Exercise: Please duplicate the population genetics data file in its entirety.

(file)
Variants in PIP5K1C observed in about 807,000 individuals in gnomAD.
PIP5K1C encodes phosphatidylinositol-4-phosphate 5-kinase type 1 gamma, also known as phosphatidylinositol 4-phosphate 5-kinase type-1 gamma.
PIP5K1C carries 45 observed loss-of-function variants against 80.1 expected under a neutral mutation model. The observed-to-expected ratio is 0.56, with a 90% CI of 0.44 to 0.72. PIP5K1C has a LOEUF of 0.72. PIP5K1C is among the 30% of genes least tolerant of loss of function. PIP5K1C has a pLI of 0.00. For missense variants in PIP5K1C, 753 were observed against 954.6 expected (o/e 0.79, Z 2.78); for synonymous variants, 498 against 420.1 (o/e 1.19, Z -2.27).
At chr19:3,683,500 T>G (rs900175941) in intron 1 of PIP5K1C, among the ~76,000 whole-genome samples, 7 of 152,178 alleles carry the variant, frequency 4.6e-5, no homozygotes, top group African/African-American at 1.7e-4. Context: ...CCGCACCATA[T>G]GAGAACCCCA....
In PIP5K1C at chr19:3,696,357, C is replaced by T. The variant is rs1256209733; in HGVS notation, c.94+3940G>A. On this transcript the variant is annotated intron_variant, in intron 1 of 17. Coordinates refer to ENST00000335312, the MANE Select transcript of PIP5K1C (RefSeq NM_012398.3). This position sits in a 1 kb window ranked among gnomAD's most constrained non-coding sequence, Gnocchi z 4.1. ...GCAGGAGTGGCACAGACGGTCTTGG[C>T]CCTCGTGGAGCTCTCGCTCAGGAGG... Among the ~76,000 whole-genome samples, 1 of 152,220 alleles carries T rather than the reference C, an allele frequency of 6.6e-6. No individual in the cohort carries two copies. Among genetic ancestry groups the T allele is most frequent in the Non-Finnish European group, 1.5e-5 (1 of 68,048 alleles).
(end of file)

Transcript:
Variants in PIP5K1C observed in about 807,000 individuals in gnomAD.
PIP5K1C encodes phosphatidylinositol-4-phosphate 5-kinase type 1 gamma, also known as phosphatidylinositol 4-phosphate 5-kinase type-1 gamma.
PIP5K1C carries 45 observed loss-of-function variants against 80.1 expected under a neutral mutation model. The observed-to-expected ratio is 0.56, with a 90% CI of 0.44 to 0.72. PIP5K1C has a LOEUF of 0.72. PIP5K1C is among the 30% of genes least tolerant of loss of function. PIP5K1C has a pLI of 0.00. For missense variants in PIP5K1C, 753 were observed against 954.6 expected (o/e 0.79, Z 2.78); for synonymous variants, 498 against 420.1 (o/e 1.19, Z -2.27).
At chr19:3,683,500 T>G (rs900175941) in intron 1 of PIP5K1C, among the ~76,000 whole-genome samples, 7 of 152,178 alleles carry the variant, frequency 4.6e-5, no homozygotes, top group African/African-American at 1.7e-4. Context: ...CCGCACCATA[T>G]GAGAACCCCA....
In PIP5K1C at chr19:3,696,357, C is replaced by T. The variant is rs1256209733; in HGVS notation, c.94+3940G>A. On this transcript the variant is annotated intron_variant, in intron 1 of 17. Coordinates refer to ENST00000335312, the MANE Select transcript of PIP5K1C (RefSeq NM_012398.3). This position sits in a 1 kb window ranked among gnomAD's most constrained non-coding sequence, Gnocchi z 4.1. ...GCAGGAGTGGCACAGACGGTCTTGG[C>T]CCTCGTGGAGCTCTCGCTCAGGAGG... Among the ~76,000 whole-genome samples, 1 of 152,220 alleles carries T rather than the reference C, an allele frequency of 6.6e-6. No individual in the cohort carries two copies. Among genetic ancestry groups the T allele is most frequent in the Non-Finnish European group, 1.5e-5 (1 of 68,048 alleles).